• I really don’t like being touched during social greetings. Kisses on the cheek make me crisp up like a dried leaf. I’ve gotten better with hugs but I am crawling up the walls any time I enter or exit a social situation
  • I can feel electricity. Not sure if that’s an autistic trait or not
  • I have a heightened sense of smell
  • My sensory profile is grossly above average for sensory sensitivity and sensory avoidance, and mildly above average for sensation seeking but this is very “sensory” dependent (i.e., it’s on my terms and only for a very small selection of things and for a very limited amount of time)
  • I stim during meetings at work or when I am starting to get overwhelmed by crowds, conversations, general peopling, when I’m excited or bored, etc. I try to keep this hidden but I’ve become more open about it in recent months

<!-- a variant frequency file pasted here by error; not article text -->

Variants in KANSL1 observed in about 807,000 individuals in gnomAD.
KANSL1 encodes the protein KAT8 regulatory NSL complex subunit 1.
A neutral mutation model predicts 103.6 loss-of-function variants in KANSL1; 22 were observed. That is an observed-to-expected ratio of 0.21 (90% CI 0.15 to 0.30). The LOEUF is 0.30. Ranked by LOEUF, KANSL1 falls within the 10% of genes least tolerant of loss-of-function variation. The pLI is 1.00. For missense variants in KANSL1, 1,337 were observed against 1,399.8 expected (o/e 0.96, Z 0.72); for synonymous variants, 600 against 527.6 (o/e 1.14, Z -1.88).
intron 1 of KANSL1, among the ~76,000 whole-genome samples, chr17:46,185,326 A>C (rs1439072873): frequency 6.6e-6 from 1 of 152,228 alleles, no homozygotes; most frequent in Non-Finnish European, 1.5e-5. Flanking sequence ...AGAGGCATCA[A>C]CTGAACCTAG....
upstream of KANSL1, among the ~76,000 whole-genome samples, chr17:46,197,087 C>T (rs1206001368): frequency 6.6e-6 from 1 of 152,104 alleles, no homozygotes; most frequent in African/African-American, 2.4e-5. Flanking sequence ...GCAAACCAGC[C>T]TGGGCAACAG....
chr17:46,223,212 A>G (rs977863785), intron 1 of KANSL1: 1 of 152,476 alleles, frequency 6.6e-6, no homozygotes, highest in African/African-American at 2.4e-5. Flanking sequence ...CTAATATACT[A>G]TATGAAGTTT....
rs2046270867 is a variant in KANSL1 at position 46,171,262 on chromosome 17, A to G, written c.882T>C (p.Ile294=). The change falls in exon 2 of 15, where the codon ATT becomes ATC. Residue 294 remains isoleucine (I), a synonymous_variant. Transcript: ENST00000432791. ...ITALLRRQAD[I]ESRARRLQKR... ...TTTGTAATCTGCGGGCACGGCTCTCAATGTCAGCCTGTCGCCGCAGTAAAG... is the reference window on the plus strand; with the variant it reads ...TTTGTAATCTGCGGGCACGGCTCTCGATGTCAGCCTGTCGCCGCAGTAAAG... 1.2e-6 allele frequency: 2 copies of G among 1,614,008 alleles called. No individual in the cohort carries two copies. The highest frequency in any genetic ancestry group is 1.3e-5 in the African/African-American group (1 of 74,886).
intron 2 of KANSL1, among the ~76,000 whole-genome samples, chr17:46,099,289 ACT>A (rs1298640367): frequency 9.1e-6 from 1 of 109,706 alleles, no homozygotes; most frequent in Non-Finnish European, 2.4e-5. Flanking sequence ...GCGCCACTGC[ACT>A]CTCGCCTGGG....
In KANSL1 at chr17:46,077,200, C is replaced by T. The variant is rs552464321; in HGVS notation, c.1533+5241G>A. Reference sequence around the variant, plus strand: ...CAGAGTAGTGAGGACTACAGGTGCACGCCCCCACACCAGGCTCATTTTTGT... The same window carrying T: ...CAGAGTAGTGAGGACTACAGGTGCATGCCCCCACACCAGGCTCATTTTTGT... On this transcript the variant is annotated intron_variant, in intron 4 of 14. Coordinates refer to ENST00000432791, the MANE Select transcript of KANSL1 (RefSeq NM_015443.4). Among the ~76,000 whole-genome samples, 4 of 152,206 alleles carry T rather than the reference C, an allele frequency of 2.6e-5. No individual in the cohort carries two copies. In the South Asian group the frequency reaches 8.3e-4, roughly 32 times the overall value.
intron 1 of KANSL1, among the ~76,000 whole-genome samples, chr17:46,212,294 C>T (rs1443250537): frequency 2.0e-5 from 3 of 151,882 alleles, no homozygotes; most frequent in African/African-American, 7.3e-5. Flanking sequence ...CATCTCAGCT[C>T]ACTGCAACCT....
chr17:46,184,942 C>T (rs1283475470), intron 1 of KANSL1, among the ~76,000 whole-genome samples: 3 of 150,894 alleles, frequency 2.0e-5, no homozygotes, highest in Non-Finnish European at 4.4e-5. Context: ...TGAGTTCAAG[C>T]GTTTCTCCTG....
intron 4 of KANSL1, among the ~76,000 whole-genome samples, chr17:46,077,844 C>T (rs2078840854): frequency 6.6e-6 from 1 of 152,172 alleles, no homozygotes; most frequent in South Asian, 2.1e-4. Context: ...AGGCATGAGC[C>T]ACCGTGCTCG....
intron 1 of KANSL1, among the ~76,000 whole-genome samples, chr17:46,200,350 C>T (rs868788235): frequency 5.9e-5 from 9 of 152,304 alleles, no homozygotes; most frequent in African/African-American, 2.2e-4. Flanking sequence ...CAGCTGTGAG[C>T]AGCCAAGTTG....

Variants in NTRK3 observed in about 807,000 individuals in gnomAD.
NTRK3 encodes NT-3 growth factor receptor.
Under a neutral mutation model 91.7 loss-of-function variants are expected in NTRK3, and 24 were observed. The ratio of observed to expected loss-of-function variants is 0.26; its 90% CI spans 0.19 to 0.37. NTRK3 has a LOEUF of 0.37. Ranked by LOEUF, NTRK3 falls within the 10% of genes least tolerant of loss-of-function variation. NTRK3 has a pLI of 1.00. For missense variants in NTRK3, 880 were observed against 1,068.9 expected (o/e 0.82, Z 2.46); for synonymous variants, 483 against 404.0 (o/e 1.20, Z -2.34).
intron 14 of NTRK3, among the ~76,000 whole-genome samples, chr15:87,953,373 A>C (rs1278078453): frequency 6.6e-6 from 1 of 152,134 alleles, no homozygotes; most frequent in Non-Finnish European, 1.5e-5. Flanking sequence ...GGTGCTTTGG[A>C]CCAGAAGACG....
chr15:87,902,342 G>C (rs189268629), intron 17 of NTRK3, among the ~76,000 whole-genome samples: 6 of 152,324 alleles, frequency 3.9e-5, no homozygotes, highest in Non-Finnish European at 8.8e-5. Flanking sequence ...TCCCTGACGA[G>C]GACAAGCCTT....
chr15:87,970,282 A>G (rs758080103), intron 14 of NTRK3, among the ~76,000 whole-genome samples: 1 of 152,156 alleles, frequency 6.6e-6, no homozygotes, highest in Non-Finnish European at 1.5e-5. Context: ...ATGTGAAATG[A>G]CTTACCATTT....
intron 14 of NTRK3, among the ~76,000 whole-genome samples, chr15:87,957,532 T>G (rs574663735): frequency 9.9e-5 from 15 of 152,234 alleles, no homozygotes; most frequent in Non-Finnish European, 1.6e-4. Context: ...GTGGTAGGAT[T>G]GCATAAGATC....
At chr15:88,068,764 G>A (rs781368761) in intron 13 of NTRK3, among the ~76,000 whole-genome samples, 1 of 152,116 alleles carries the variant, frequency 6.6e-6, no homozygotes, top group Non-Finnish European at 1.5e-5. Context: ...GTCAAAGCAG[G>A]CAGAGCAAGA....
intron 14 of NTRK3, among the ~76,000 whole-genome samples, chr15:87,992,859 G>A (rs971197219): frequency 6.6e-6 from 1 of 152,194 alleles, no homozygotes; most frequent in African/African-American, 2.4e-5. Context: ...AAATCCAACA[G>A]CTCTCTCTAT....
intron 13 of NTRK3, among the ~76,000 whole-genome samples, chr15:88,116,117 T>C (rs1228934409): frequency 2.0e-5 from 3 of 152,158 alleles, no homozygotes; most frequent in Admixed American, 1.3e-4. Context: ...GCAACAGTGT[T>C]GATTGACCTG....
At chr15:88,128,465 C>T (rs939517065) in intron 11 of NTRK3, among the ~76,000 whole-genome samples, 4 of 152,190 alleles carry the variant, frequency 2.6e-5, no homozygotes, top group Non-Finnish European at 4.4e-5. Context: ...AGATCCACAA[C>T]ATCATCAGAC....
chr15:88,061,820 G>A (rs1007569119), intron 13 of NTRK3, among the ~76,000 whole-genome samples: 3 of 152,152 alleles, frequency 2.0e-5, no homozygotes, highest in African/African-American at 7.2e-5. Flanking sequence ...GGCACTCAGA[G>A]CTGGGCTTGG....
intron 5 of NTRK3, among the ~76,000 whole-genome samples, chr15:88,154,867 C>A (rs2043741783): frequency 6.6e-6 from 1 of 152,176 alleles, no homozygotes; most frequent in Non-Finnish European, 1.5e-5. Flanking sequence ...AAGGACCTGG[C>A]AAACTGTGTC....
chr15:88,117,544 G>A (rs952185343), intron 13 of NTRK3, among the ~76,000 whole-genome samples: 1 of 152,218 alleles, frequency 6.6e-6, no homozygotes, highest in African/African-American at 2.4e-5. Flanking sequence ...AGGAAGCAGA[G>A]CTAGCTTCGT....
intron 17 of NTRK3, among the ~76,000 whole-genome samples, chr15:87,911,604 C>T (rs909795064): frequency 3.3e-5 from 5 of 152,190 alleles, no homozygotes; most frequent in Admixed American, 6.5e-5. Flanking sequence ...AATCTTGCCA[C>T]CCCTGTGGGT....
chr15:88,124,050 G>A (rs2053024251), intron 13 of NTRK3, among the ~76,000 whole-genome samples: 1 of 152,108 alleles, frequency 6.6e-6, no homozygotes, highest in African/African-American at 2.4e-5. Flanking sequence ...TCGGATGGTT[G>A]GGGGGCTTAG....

• I think I have a heightened sense of touch, which plays into the social greeting thing. Often times, things touching me for an extended period of time (clothing, for example, or contact) physically hurt
  • Routine. Routine. Routine.
  • I’m not a particularly imaginative person. Never have been. People think I am but all I ever did was mimic what I saw on TV, movies, observations from other people, etc.
  • I. Notice. Everything.
  • I am very black and white in my thinking and often either have “too much” empathy (if that’s even a bad thing) or not enough
  • SPECIAL INTERESTS FTW. I don’t want to go into those on here though because I would never stop typing if I did!

This is nowhere near a complete list and I am still learning about all these things on my autism journey. It feels kind of good to list them out though, even if it’s just to reflect on.